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Let’s start this off with a fact: some people are getting sick of Call of Duty games. With the majority of gamers only buying them for the competitive multiplayer modes, gamers seem to be mostly sitting in one of two camps: those who lap it up year after year and play nothing else, and those who are getting bored and looking for something new to crop up in the series. Before Black Ops 2, that was a very valid concern. Despite Infinity Ward’s Spec Ops in Modern Warfare 2 and 3, and Treyarch’s zombie modes in their last couple of efforts everything has started to feel a bit stale for some. But this year we have something quite intriguing: a Call of Duty game that not only appeals to those who are a bit afraid of change and like to do the same thing over and over again, but also those who are looking for something new and worthwhile.
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The main issue with Call of Duty is how difficult it is to get a decent, balanced game online. With so many people obsessing about spending every spare minute online, ranking up and hitting those prestige levels (my weapon is bigger than your weapon, and so on…) the likelihood of jumping online and getting a close fought and fair game is practically zero. Black Ops 2 looks to get round this with League Play, dropping each player into a certain ranked league based on an initial 5 match assessment. From here, poorer players drop down the leagues, with the cream rising to the top and giving everyone a series of games against those with a similar ability. Or at least that’s the theory. In practice things don’t work quite so well. Despite finishing in the bottom half of my team in all of my assessment matches, I ended up in a gold league near the top of the tree. Confused, I played on to see what would happen when I carried on my usual less-than-average performances, and it quickly became clear that it was the team performance being judged, not mine. Despite some players getting huge scores, being on the losing team meant they dropped down the league, which clearly isn’t really mirroring the point of the game…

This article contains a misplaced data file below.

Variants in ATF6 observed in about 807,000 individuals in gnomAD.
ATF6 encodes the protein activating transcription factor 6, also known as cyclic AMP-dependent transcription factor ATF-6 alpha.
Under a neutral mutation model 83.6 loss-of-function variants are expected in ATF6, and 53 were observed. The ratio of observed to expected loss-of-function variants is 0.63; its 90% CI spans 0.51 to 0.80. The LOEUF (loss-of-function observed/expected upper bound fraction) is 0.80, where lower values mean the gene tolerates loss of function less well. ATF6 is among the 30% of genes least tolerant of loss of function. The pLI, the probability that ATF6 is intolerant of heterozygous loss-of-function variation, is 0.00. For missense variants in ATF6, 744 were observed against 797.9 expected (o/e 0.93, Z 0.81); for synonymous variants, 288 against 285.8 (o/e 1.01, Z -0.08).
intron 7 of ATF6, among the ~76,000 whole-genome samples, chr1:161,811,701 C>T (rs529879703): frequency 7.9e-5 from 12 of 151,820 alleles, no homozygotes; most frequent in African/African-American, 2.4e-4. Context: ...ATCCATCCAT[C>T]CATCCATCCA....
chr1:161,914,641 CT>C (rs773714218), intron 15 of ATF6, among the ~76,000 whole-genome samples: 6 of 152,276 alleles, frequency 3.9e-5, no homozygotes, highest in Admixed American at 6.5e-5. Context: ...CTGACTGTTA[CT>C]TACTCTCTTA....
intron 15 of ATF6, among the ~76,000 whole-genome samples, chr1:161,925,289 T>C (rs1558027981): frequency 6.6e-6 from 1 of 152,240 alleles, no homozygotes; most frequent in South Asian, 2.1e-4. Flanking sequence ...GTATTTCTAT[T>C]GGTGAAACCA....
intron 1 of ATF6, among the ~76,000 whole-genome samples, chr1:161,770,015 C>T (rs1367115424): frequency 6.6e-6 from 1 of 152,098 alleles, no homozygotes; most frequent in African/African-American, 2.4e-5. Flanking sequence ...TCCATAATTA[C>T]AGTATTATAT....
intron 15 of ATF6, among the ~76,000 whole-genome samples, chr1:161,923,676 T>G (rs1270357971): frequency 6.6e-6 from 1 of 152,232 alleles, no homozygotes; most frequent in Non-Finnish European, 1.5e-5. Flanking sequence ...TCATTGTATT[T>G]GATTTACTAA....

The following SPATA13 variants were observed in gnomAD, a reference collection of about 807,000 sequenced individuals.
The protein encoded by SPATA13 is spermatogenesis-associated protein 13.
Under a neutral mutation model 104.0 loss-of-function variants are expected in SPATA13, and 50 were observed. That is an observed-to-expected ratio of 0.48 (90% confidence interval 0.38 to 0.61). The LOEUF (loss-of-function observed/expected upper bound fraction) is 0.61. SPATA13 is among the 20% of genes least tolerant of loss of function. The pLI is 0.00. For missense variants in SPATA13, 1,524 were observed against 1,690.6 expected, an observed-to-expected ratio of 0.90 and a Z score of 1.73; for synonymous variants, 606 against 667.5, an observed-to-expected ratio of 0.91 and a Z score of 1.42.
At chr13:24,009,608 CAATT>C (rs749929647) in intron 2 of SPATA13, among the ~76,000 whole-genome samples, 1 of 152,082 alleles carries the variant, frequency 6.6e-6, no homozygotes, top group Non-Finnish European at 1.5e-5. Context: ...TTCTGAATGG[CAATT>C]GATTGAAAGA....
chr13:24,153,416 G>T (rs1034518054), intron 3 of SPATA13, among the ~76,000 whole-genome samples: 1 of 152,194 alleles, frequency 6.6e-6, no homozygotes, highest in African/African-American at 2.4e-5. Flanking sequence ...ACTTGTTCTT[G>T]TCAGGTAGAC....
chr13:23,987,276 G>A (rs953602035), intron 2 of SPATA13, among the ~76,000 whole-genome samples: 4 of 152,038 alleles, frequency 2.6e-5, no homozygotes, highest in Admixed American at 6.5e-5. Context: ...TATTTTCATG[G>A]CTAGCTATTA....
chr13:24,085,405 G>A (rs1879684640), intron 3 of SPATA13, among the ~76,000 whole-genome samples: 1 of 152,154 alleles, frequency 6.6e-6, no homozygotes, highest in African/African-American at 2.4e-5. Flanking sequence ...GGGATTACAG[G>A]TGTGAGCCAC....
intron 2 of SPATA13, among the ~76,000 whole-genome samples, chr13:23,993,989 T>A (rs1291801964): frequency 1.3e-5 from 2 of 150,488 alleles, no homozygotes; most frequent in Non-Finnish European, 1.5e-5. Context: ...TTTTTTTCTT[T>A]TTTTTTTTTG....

But that said, there are other toys to play with. The co-op zombie mode is back again and lets you team up with friends to take out hoardes of zombies which climb out of the ground, gang up on you and generally do their zombie-like pain in the arse stuff. It’s a nice diversion, and one that I’d rolled my eyes at in my frequent “zombies don’t fit into this type of game, surely” way, but it’s genuinely good fun once you get into it, even if it’s a rerun of the previous zombie modes. It’s another example of how co-op gaming is, for many, taking over the reins when it comes to multiplayer gaming options. There’s more elsewhere, such as the party modes previously seen in the last Black Ops, including the brilliantly tense One In the Chamber mode where you’re only given one bullet to use initially. These modes (leagues included) are relatively quiet though with most hardcore gamers sticking rigidly to what they know and love in the game’s main online rankathons.